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Browsing by Subject "microbe"

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  • Manninen, Juulia (2022)
    Immune-mediated diseases, such as various allergies and asthma, are increasing rapidly in an urbanized world where biodiversity is steadily declining. Decreased biodiversity and homogenous microbiota have been associated with weaker immune defence. Studies show that contact with the natural environment enriches the human microbiota, promotes immune response, and protects against allergies and inflammatory diseases. For this reason, in order to prevent immune-mediated diseases, solutions have been sought from nature-based approaches in which the immune system encounters environmental microbial stimuli in a natural way. The aim of this master's thesis was to study how different nature-based materials (sod and forest floor) affect the skin microbiota of kindergarten-age children and to examine how different factors such as varying weather conditions and different sampling times affect the results. The results supported the hygiene hypothesis and previous research according to which increasing biodiversity can have a positive effect on human skin microbial communities. A positive effect on children's skin was achieved with sod alone, which is important information in the development of suitable biodiverse materials for urban planning. The results also supported the surmise that different weather conditions and sampling methods can significantly affect the results.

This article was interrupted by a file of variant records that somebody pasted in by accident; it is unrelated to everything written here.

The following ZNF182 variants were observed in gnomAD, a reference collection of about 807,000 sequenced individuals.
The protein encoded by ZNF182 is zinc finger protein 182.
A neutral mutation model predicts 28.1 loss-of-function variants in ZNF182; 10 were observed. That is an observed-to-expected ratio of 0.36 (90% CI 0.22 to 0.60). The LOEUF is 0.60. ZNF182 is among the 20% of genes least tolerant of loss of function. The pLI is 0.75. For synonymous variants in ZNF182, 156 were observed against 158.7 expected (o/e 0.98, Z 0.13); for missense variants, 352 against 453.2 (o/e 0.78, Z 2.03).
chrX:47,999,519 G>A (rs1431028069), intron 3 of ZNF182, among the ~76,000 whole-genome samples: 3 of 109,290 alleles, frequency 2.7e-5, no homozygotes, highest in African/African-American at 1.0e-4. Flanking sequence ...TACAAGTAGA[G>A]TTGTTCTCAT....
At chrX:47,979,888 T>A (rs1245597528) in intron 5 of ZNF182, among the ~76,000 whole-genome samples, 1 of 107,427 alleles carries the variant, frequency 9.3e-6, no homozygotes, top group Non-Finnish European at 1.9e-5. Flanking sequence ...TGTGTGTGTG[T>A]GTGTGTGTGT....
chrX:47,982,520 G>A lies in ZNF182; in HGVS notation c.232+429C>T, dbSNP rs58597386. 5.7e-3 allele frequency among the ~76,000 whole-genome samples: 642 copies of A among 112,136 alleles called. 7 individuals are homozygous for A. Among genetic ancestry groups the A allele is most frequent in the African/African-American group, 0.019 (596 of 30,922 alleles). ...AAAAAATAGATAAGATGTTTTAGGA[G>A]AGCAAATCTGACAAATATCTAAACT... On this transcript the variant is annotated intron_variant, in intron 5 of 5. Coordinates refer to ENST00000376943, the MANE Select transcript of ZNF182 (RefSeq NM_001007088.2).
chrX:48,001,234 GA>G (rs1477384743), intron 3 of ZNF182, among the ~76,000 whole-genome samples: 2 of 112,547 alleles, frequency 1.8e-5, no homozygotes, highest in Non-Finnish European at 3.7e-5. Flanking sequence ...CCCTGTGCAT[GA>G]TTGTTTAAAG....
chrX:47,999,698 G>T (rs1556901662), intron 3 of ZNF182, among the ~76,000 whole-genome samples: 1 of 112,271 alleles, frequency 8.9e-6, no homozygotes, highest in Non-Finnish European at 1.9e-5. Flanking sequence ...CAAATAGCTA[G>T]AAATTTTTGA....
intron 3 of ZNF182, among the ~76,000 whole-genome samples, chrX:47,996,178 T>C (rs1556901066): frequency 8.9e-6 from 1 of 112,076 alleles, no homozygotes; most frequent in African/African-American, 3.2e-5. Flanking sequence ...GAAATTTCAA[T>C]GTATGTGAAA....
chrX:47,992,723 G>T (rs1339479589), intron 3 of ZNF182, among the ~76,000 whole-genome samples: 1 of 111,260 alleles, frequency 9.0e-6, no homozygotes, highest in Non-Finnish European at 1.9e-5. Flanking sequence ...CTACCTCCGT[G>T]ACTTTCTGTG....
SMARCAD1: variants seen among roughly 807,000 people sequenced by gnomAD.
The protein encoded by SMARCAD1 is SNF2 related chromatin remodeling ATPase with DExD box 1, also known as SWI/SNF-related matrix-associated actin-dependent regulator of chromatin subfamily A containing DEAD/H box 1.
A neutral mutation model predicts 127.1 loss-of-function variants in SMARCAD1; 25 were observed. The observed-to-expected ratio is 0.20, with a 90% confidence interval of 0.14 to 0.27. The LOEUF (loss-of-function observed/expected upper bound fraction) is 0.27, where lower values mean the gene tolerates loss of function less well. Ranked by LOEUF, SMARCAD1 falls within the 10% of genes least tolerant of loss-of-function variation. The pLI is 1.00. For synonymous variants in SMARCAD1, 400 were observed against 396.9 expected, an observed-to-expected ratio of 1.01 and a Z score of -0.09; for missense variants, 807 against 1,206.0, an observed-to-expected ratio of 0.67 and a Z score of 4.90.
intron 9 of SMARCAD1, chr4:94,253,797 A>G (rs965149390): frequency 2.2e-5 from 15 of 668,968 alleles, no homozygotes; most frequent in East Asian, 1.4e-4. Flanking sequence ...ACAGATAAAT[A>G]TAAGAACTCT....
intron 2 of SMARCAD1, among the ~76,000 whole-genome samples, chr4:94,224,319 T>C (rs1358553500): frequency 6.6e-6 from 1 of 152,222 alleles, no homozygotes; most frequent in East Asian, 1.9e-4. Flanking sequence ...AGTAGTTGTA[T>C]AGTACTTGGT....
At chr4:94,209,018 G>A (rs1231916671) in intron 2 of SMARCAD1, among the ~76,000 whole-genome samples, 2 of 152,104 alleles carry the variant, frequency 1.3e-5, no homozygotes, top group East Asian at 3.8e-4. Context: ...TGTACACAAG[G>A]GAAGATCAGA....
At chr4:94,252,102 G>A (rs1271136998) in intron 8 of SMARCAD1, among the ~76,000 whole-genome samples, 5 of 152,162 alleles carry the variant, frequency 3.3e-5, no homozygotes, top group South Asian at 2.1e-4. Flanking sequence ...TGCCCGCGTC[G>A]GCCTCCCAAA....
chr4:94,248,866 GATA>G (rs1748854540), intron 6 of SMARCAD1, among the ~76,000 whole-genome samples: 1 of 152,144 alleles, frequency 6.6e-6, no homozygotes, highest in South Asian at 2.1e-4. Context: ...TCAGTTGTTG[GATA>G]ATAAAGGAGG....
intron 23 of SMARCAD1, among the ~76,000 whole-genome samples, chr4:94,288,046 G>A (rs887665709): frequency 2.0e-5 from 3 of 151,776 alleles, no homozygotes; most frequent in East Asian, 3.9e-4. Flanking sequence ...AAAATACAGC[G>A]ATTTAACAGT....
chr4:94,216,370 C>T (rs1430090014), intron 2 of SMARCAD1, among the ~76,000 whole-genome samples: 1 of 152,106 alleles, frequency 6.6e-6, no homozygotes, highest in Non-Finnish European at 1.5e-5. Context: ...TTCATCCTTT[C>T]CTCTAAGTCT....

• Mäkelä, Iida (2021)
    Microbial diversity can be found everywhere around us. The diversity is however declining globally and the diversity loss is most visible in highly urbanized areas. The lack of microbial biodiversity has been linked to increased risk of certain im-mune mediated diseases most prevalent within urban population. Understanding how diversity differs between urban and rural areas can help us to figure out mechanisms behind biodiversity loss and higher frequency of immune-mediated dis-eases and develop prevention methods for the latter. The aim of the thesis is to study how bacterial communities differ between urban and rural areas using indicator species as proxy. The aim is also to find out if the results support the biodiversity hypothesis. The results of the thesis found out significant differences in diversity indexes between bacterial communities in urban and rural areas, which supports the biodiversity hypothesis. The study also found differences in Proteobacteria diversity index-es, which have been linked to some immune mediated diseases in previous studies.